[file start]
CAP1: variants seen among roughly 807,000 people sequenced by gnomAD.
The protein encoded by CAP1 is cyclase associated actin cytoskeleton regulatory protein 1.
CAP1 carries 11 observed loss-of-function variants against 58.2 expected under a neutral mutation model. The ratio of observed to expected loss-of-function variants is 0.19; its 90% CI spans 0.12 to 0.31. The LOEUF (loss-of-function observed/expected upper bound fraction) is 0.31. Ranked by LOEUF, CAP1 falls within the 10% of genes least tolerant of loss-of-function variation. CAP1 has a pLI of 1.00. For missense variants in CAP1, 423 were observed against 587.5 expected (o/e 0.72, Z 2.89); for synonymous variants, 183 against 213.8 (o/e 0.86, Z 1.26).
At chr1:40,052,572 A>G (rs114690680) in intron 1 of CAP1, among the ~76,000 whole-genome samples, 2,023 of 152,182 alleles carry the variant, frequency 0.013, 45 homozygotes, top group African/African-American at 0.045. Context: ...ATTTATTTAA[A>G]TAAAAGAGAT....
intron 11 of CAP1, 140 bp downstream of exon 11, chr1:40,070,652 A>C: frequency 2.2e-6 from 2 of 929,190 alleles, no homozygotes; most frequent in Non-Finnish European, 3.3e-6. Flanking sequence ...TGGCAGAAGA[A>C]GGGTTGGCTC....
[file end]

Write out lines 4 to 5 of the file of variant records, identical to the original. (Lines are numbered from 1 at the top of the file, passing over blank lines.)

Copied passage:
At chr1:40,052,572 A>G (rs114690680) in intron 1 of CAP1, among the ~76,000 whole-genome samples, 2,023 of 152,182 alleles carry the variant, frequency 0.013, 45 homozygotes, top group African/African-American at 0.045. Context: ...ATTTATTTAA[A>G]TAAAAGAGAT....
intron 11 of CAP1, 140 bp downstream of exon 11, chr1:40,070,652 A>C: frequency 2.2e-6 from 2 of 929,190 alleles, no homozygotes; most frequent in Non-Finnish European, 3.3e-6. Flanking sequence ...TGGCAGAAGA[A>C]GGGTTGGCTC....